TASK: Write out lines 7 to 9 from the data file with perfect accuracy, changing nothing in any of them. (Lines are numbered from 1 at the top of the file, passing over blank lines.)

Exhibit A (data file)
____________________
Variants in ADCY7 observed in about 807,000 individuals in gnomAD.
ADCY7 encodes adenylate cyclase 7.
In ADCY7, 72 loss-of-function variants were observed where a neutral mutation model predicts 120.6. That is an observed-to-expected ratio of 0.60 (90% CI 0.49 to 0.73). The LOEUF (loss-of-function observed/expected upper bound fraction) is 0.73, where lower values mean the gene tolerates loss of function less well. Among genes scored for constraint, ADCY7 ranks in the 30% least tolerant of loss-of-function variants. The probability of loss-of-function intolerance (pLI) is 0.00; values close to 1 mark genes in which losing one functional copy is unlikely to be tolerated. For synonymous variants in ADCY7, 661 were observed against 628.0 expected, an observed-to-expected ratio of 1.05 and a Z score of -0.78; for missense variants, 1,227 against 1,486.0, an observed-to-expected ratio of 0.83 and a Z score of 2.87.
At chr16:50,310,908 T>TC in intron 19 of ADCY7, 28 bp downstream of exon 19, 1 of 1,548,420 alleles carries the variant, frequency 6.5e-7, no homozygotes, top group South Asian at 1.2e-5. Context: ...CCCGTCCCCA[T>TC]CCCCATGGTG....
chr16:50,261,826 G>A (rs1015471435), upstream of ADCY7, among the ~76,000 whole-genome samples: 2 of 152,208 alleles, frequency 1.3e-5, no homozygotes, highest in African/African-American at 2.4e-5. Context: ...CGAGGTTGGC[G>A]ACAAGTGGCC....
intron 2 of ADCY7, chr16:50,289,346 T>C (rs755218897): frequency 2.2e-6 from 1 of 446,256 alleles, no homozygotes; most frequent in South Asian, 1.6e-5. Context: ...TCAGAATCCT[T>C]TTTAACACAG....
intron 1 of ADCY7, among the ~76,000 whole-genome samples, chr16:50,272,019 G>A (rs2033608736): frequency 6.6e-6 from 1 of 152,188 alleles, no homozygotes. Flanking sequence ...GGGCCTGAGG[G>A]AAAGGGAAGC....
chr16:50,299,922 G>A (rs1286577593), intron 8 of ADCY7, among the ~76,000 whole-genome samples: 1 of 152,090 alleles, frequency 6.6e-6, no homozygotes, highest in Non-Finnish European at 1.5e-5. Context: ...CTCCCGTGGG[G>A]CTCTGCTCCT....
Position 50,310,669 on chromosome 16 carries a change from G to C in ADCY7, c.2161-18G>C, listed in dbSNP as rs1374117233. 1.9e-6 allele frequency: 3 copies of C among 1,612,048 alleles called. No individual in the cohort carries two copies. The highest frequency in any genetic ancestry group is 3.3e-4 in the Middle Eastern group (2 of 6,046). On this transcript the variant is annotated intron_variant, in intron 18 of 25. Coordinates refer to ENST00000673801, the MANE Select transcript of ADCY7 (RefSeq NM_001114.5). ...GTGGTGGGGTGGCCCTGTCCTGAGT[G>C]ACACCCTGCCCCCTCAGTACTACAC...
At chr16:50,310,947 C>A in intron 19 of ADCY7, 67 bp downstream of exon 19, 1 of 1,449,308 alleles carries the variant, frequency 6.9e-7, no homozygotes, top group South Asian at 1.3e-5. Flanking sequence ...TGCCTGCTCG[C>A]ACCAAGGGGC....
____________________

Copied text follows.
intron 1 of ADCY7, among the ~76,000 whole-genome samples, chr16:50,272,019 G>A (rs2033608736): frequency 6.6e-6 from 1 of 152,188 alleles, no homozygotes. Flanking sequence ...GGGCCTGAGG[G>A]AAAGGGAAGC....
chr16:50,299,922 G>A (rs1286577593), intron 8 of ADCY7, among the ~76,000 whole-genome samples: 1 of 152,090 alleles, frequency 6.6e-6, no homozygotes, highest in Non-Finnish European at 1.5e-5. Context: ...CTCCCGTGGG[G>A]CTCTGCTCCT....
Position 50,310,669 on chromosome 16 carries a change from G to C in ADCY7, c.2161-18G>C, listed in dbSNP as rs1374117233. 1.9e-6 allele frequency: 3 copies of C among 1,612,048 alleles called. No individual in the cohort carries two copies. The highest frequency in any genetic ancestry group is 3.3e-4 in the Middle Eastern group (2 of 6,046). On this transcript the variant is annotated intron_variant, in intron 18 of 25. Coordinates refer to ENST00000673801, the MANE Select transcript of ADCY7 (RefSeq NM_001114.5). ...GTGGTGGGGTGGCCCTGTCCTGAGT[G>C]ACACCCTGCCCCCTCAGTACTACAC...